Mark Luckie, a black, former Facebook employee, has hit out at the social networking firm, bluntly describing it as having “a black people problem.”
Luckie was Facebook’s strategic partner manager for global influencers until early November this year, and before he left he sent all of Facebook’s employees around the world, an extraordinary memo.
Facebook is not having a good time of it lately. Only this week the British Parliament exacted a measure of revenge against CEO Mark Zuckerberg after he refused to appear before the Digital, Culture, Media and Sport Committee (DCMS) looking into the Cambridge Analytica scandal. This was despite him agreeing to appear before the European Parliament as well as US lawmakers.
This week the British Parliament employed rarely used powers to force the boss of a US software firm to hand over sensitive court documents.
The boss of US tech firm Six4Three, whilst he was on a trip to London, was forced to surrender US legal documents about Facebook to the House of Commons serjeant-at-arms.
But now Facebook has been hit with allegations of it allowing under-represented groups to be systematically excluded from communication.
Indeed, Luckie alleged that black employees are commonly told “I didn’t know black people worked at Facebook.”
Luckie made a number of allegations in his “memo”, including claims that he saw Facebook moderators remove potentially offensive posts by black users, while the same posts by white people were left up despite user complaints.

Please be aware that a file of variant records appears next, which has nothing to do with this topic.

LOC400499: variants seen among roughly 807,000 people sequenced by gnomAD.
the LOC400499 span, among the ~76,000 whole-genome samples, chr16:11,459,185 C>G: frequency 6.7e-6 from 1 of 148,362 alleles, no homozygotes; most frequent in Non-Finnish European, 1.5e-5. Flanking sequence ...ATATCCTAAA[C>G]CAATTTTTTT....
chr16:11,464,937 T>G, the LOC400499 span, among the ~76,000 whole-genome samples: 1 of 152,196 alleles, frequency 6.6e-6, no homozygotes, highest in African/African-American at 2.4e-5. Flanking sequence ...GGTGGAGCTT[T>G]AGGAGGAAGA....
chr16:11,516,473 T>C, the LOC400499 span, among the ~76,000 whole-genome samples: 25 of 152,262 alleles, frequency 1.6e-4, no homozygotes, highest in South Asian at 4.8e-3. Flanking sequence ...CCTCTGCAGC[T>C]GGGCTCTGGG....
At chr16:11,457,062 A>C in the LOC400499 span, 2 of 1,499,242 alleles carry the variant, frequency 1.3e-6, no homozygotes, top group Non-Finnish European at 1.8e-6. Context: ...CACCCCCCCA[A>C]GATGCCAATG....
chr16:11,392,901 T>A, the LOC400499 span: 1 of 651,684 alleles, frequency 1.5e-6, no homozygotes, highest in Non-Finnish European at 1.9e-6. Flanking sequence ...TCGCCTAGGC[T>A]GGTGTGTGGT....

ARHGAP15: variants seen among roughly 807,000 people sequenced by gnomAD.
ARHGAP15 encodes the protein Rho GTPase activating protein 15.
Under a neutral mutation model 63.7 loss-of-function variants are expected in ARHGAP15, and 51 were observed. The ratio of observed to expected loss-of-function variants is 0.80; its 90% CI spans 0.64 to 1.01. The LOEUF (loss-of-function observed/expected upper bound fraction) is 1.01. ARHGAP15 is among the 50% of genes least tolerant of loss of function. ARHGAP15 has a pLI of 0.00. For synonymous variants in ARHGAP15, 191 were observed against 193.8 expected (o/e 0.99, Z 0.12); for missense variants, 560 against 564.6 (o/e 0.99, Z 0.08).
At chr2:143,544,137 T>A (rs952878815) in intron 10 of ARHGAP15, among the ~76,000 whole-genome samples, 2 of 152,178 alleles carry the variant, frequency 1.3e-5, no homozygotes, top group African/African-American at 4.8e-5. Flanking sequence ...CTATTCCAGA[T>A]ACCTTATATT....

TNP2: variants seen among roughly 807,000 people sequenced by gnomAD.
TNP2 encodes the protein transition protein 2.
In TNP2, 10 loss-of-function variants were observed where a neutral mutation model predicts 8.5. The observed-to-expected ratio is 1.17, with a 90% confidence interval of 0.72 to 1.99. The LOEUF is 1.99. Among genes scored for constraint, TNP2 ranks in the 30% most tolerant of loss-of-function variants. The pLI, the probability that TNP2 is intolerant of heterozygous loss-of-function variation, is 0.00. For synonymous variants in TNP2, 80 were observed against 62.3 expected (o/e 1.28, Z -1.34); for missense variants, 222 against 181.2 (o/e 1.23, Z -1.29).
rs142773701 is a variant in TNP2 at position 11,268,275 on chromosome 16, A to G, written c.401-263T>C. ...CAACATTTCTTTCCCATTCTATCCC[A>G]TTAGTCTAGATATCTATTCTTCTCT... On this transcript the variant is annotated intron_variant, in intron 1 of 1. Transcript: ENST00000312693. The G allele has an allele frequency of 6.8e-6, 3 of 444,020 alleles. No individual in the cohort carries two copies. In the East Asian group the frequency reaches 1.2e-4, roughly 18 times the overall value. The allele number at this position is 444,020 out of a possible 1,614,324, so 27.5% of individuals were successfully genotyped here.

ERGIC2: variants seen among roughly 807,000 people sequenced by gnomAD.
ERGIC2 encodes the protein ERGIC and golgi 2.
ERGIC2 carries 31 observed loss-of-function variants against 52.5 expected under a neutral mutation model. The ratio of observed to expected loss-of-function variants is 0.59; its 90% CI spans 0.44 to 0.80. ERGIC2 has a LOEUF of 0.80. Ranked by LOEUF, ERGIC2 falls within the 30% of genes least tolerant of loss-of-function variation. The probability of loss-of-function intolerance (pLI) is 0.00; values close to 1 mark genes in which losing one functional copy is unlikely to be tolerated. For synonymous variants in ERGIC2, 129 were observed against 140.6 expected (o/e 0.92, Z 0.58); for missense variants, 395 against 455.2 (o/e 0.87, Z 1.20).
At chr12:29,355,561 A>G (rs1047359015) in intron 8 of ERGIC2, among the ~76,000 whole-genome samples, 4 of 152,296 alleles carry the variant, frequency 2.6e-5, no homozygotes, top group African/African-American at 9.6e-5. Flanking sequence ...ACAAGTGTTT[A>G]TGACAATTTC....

“Non-black people are reporting what are meant to be positive efforts as hate speech, despite them often not violating Facebook’s terms of service,” he wrote. “Their content is removed without notice. Accounts are suspended indefinitely.”
Luckie also alleged he had experienced discrimination in the office, with co-workers sometimes clutched their wallets when he walked by.
“Racial discrimination at Facebook is real,” he wrote. “I’ve heard far too many stories from black employees of a colleague or manager calling them “hostile” or “aggressive” for simply sharing their thoughts in a manner not dissimilar from their non-Black team members.”
“On a personal note, at least two or three times a day, every day, a colleague at MPK [Facebook headquarters in Menlo Park] will look directly at me and tap or hold their wallet or shove their hands down their pocket to clutch it tightly until I pass,” he wrote. “The frequency is even higher when walking through Classic campus or Building 20.”
And he alleged that black Facebook employees who turn to the HR department are made to believe such “disheartening patterns are a figment of our imagination.”
“It becomes clear that the conversations with HR are more often than not meant to protect the manager and the status quo of Facebook, not support the employee,” he wrote.
But Facebook has disagreed with Luckie and the firm said it was working hard to be a truly inclusive company.
A Facebook spokesman told Reuters that the company has been working to increase employee diversity.
“We want to fully support all employees when there are issues reported and when there may be micro-behaviors that add up. We are going to keep doing all we can to be a truly inclusive company,” the spokesman said.
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